American Art – Part I of VI: Mark Battista
In the words of one critic, “Mark Battista, fine artist and illustrator, was born in 1963 in West Haven, Connecticut and graduated from Paier College of Art with a B.F.A. in 1985. Upon graduation, he was awarded ‘The Outstanding Illustration Major Award’ and received recognition for graduating with the highest grade point average. He received a M.S. degree in Art Education from Southern CT State University in 1990.”
8 September 1952 – Ernest Hemingway publishes “The Old Man and the Sea.” In the words of one literary historian, “It was the last major work of fiction to be produced by Hemingway and published in his lifetime…’The Old Man and the Sea’ was awarded the Pulitzer Prize for Fiction in 1953 and was cited by the Nobel Committee as contributing to the awarding of the Nobel Prize in Literature to Hemingway in 1954.”
A few quotes from “The Old Man and the Sea”:
“‘But man is not made for defeat,’ he said. ‘A man can be destroyed but not defeated.’”
“I may not be as strong as I think, but I know many tricks and I have resolution.”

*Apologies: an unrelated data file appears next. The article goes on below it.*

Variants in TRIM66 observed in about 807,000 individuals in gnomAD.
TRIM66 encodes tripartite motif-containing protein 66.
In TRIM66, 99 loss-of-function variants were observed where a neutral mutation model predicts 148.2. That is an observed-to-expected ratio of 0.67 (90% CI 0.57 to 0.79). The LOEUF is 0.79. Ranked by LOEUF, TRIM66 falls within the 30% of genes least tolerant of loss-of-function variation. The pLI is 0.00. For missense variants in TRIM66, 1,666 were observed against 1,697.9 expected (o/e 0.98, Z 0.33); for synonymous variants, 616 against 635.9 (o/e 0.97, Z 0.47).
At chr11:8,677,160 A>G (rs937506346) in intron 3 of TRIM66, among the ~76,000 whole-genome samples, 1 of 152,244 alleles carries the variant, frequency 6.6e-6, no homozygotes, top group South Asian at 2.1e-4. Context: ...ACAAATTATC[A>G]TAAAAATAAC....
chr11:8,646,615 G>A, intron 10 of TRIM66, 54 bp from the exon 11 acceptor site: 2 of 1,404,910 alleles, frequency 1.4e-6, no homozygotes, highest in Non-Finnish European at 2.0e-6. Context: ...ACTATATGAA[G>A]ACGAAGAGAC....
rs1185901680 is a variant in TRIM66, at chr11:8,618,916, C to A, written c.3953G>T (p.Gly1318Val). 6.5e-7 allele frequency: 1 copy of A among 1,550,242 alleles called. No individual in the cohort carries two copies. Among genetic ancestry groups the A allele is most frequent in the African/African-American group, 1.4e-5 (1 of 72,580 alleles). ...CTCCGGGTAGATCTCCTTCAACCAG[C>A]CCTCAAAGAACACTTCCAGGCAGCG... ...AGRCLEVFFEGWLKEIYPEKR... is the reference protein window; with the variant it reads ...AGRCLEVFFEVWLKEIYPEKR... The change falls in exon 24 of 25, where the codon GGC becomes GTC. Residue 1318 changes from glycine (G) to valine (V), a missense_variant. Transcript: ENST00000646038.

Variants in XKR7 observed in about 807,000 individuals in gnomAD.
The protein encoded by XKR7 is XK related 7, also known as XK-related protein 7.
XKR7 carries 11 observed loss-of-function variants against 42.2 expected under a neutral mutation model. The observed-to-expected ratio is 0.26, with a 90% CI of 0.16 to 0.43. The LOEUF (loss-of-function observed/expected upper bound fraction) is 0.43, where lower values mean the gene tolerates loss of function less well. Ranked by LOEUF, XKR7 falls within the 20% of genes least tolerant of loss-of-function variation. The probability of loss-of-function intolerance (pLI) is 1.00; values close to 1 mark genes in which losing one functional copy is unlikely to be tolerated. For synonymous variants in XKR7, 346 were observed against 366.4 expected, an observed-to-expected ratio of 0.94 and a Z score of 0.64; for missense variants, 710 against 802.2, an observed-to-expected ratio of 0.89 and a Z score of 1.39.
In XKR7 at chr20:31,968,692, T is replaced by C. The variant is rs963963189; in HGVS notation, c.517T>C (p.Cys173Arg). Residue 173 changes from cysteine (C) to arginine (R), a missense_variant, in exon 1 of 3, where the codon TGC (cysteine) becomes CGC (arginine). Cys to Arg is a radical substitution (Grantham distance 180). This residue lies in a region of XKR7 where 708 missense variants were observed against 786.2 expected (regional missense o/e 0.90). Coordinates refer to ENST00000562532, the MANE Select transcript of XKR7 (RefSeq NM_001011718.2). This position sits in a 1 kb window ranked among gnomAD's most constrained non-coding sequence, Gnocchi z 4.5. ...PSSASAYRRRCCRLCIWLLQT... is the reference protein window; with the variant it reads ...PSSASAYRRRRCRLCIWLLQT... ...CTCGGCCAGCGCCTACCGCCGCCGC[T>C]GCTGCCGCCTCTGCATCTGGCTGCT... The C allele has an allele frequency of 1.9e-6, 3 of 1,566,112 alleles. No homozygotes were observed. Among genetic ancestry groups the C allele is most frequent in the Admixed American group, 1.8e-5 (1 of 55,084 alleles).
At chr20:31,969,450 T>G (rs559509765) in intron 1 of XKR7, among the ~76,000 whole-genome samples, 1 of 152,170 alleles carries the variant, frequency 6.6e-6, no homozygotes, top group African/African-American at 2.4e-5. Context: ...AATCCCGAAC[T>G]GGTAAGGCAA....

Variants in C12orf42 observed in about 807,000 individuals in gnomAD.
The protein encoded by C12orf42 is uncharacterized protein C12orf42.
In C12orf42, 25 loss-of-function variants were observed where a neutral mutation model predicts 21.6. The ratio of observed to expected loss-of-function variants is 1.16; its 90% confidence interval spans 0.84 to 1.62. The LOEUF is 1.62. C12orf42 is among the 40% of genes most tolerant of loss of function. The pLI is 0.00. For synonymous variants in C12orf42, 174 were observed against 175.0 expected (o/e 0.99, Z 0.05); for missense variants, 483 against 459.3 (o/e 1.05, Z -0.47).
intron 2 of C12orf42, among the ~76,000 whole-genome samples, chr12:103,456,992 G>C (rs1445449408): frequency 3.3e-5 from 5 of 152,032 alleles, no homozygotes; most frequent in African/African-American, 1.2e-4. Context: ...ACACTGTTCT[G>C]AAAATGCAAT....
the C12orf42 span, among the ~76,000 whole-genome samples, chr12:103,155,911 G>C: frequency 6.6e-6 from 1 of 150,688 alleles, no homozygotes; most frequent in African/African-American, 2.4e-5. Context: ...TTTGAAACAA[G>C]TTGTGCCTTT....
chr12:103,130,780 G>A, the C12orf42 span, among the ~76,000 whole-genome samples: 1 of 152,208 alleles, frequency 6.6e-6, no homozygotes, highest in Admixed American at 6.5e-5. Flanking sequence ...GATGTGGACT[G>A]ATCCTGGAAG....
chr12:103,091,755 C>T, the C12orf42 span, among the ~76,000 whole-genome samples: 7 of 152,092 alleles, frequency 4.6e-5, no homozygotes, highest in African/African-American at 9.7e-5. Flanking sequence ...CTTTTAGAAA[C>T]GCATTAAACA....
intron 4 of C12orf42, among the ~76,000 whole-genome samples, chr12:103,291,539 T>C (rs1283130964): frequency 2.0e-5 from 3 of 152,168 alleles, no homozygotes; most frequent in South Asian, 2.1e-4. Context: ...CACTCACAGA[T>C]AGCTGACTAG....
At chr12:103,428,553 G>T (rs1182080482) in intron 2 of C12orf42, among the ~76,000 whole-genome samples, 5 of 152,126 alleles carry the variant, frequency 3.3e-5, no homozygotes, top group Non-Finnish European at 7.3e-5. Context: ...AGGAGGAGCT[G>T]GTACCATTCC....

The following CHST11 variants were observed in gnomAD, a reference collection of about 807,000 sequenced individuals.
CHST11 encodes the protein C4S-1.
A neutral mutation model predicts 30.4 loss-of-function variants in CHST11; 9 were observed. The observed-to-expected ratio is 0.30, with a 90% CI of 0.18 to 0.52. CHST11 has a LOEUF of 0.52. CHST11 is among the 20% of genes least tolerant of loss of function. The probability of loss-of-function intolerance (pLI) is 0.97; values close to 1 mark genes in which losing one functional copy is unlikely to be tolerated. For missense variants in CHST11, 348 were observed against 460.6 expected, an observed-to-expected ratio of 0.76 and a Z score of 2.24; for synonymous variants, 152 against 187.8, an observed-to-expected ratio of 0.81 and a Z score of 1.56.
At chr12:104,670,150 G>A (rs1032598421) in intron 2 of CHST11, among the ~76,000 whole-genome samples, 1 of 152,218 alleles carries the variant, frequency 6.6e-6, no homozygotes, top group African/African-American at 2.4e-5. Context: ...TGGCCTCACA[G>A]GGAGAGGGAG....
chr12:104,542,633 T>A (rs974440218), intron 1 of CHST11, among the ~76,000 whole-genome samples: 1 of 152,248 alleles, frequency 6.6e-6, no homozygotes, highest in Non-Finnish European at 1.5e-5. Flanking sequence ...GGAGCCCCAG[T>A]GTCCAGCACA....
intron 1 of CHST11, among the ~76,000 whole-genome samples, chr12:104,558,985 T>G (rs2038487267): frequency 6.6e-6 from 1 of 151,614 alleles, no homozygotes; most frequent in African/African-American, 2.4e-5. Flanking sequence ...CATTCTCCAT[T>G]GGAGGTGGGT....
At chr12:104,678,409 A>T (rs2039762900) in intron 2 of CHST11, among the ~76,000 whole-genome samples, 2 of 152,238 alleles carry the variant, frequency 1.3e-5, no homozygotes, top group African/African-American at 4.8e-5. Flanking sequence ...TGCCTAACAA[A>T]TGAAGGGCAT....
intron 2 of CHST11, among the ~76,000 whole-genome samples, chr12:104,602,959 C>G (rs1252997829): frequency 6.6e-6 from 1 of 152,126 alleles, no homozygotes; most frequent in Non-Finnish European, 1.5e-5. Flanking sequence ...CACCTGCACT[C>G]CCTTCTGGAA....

“He always thought of the sea as ‘la mar’ which is what people call her in Spanish when they love her. Sometimes those who love her say bad things of her but they are always said as though she were a woman. Some of the younger fishermen, those who used buoys as floats for their lines and had motorboats, bought when the shark livers had brought much money, spoke of her as ‘el mar’ which is masculine. They spoke of her as a contestant or a place or even an enemy. But the old man always thought of her as feminine and as something that gave or withheld great favours, and if she did wild or wicked things it was because she could not help them. The moon affects her as it does a woman, he thought.”
“He rested sitting on the un-stepped mast and sail and tried not to think but only to endure.”
Humberto Castro (born 1957) is a highly regarded Cuban artist. I have selected six of his works that in some measure complement the previous Hemingway post.
“Let us go and talk with the poets.” – The first words spoken by Joaquin Miller, American poet, who was born 8 September 1837, upon arriving in San Francisco.
Joaquin Miller was called the “Poet of the Sierras” and “The Byron of the Rockies,” though he had no delusions about being a great writer (“I’m damned if I could tell the difference between a hexameter and a pentameter to save my scalp.”). Nonetheless, his poetry was very popular in both the United States and Britain, and generations of American schoolchildren memorized and recited “Columbus.”